Record-high unemployment, particularly amongst South African youth, is one of our country’s greatest challenges. Starting a business and all that it requires such as raising funds, marketing goods or services, managing cashflow and hiring (and retaining) employees, is notoriously difficult. The harsh reality is that the majority of South African small businesses fail within their first year of operation.
And yet, within this turbulent environment thwart with difficulties, several young entrepreneurs are defying the odds. All of them share one important commonality – a deep-seated mindset that sees challenges as hidden opportunities. These young entrepreneurs are paving the way for a new generation of businesses; many of which are on a mission to uplift their communities, tackle some of our country’s most pressing issues and contribute to South Africa’s economic recovery.
Three of South Africa’s young entrepreneurs to watch:
Ezlyn Barends: founding director of DreamGirls Academy
Having been recognised as one of Mail & Guardian’s Top 200 Young South Africans and one of FastCompany’s Top Creative South Africans in Business, Ezlyn Barends is a force to be reckoned with – a much-needed force for good. She is on a mission to empower young girls and women in South Africa by shifting their realities from economic dependency to self-sufficiency.
DreamGirls Academy, her organisation co-founded with equally successful female leaders, is a powerful means by which young females can develop sought-after skills like critical thinking, problem-solving, leadership and digital literacy. The Academy has made a significant foray into the untapped potential of young South African females by harnessing the power of mentorship, educational programmes, coding bootcamps, internships and learnerships.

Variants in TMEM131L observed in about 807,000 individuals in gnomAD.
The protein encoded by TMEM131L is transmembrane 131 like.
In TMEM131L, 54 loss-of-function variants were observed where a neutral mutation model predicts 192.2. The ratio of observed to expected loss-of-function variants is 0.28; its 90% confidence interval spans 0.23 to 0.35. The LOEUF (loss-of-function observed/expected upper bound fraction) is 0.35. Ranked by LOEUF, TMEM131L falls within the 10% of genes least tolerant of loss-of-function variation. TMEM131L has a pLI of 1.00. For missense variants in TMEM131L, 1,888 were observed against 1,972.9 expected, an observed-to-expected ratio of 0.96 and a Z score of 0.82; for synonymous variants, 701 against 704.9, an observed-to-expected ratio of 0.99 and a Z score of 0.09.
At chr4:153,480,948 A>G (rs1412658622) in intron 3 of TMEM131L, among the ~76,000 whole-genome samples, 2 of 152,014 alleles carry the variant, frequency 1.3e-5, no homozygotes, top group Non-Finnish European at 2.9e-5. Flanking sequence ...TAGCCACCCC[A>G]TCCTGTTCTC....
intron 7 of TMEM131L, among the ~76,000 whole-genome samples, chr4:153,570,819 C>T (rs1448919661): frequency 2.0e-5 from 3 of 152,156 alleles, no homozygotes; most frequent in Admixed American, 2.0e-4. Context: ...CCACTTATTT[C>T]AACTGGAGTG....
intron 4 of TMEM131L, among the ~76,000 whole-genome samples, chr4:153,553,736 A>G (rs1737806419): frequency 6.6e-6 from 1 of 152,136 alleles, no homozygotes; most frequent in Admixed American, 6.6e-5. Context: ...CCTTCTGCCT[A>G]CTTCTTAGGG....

Arabella Parkinson: founder of Eat to Thrive
The global movement towards sustainable living and awareness drives around issues like food security and the need to democratise nutrition, inspired Arabella Parkinson to start a plant-based nutrition studio that today, is at the forefront of food activism in South Africa. Arabella is a plant-based chef and holistic health coach. Her brand, Eat to Thrive enables people to thrive using plant-based food as medicine.
Arabella’s personal goal is to explore the convergence of technology and food in order to make plant-based food more accessible to a wider group of South Africans. Eat to Thrive sources ingredients for its “superfood” from suppliers who share the brand’s values around building a more sustainable future for all. These suppliers work closely with farmers who practice sustainable farming methods and do not use artificial ingredients or genetically modified organisms (GMOs) to cultivate their food. Organic and wild-harvested superfoods should be accessible to more South Africans, and Arabella is on a mission to ensure that this objective is achieved.
Nyakallo Mokoena: founder of Mcofana
The artisanal coffee landscape has long been dominated by a bevy of international players but young entrepreneur, Nyakallo Mokoena is chiselling out a niche for South Africa amongst the leading brands. Mcofana, the name of his business, is a township slang term for coffee. His journey began in a small town in the Free State called Sasolburg where he put his entrepreneurial inclinations to the test at high school, selling sweets and custom-made timetables to fellow students. Later, he would be swept up by the artisanal coffee trend and upon doing some research, decided to start his own brand and become a self-taught barista. Today, Mcofana is an on-the-move coffee shop featured at events and tasting, with its own exclusive range of products that are available online. In the long term, Mokoena hopes to own his own coffee farm and proudly African franchise.
Developing countries such as ours need more innovators such as these three trailblazers who are brave and determined enough not to give up in the face of adversity. They are an inspiration and we’ll be keeping our eye on them.